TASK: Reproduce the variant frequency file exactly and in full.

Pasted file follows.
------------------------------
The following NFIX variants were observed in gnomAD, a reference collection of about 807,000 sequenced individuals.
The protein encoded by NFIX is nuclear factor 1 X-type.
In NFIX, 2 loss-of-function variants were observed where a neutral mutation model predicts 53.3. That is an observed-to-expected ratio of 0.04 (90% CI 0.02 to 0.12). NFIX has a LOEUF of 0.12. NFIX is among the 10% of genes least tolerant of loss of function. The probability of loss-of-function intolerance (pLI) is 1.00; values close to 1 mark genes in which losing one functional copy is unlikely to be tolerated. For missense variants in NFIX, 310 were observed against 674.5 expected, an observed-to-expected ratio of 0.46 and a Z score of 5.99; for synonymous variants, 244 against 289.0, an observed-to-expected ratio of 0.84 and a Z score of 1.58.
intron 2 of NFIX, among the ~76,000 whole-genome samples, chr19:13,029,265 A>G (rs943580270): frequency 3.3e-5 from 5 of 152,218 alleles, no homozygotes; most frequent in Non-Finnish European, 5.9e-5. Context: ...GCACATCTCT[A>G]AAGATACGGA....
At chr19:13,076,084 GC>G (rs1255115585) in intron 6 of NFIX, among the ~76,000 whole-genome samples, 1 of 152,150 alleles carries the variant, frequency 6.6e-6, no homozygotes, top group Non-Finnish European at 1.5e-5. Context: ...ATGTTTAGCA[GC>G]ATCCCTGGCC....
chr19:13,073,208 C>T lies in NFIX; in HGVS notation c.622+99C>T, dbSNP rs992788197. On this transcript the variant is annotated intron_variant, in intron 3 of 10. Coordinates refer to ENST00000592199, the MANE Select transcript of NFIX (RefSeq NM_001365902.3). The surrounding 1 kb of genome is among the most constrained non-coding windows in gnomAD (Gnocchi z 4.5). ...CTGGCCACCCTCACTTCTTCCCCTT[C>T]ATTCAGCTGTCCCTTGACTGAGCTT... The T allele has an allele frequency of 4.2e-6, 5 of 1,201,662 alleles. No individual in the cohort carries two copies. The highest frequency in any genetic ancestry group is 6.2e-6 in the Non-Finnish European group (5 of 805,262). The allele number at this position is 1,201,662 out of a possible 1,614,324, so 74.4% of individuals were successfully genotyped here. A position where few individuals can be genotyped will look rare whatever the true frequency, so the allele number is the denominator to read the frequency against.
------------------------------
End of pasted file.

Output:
The following NFIX variants were observed in gnomAD, a reference collection of about 807,000 sequenced individuals.
The protein encoded by NFIX is nuclear factor 1 X-type.
In NFIX, 2 loss-of-function variants were observed where a neutral mutation model predicts 53.3. That is an observed-to-expected ratio of 0.04 (90% CI 0.02 to 0.12). NFIX has a LOEUF of 0.12. NFIX is among the 10% of genes least tolerant of loss of function. The probability of loss-of-function intolerance (pLI) is 1.00; values close to 1 mark genes in which losing one functional copy is unlikely to be tolerated. For missense variants in NFIX, 310 were observed against 674.5 expected, an observed-to-expected ratio of 0.46 and a Z score of 5.99; for synonymous variants, 244 against 289.0, an observed-to-expected ratio of 0.84 and a Z score of 1.58.
intron 2 of NFIX, among the ~76,000 whole-genome samples, chr19:13,029,265 A>G (rs943580270): frequency 3.3e-5 from 5 of 152,218 alleles, no homozygotes; most frequent in Non-Finnish European, 5.9e-5. Context: ...GCACATCTCT[A>G]AAGATACGGA....
At chr19:13,076,084 GC>G (rs1255115585) in intron 6 of NFIX, among the ~76,000 whole-genome samples, 1 of 152,150 alleles carries the variant, frequency 6.6e-6, no homozygotes, top group Non-Finnish European at 1.5e-5. Context: ...ATGTTTAGCA[GC>G]ATCCCTGGCC....
chr19:13,073,208 C>T lies in NFIX; in HGVS notation c.622+99C>T, dbSNP rs992788197. On this transcript the variant is annotated intron_variant, in intron 3 of 10. Coordinates refer to ENST00000592199, the MANE Select transcript of NFIX (RefSeq NM_001365902.3). The surrounding 1 kb of genome is among the most constrained non-coding windows in gnomAD (Gnocchi z 4.5). ...CTGGCCACCCTCACTTCTTCCCCTT[C>T]ATTCAGCTGTCCCTTGACTGAGCTT... The T allele has an allele frequency of 4.2e-6, 5 of 1,201,662 alleles. No individual in the cohort carries two copies. The highest frequency in any genetic ancestry group is 6.2e-6 in the Non-Finnish European group (5 of 805,262). The allele number at this position is 1,201,662 out of a possible 1,614,324, so 74.4% of individuals were successfully genotyped here. A position where few individuals can be genotyped will look rare whatever the true frequency, so the allele number is the denominator to read the frequency against.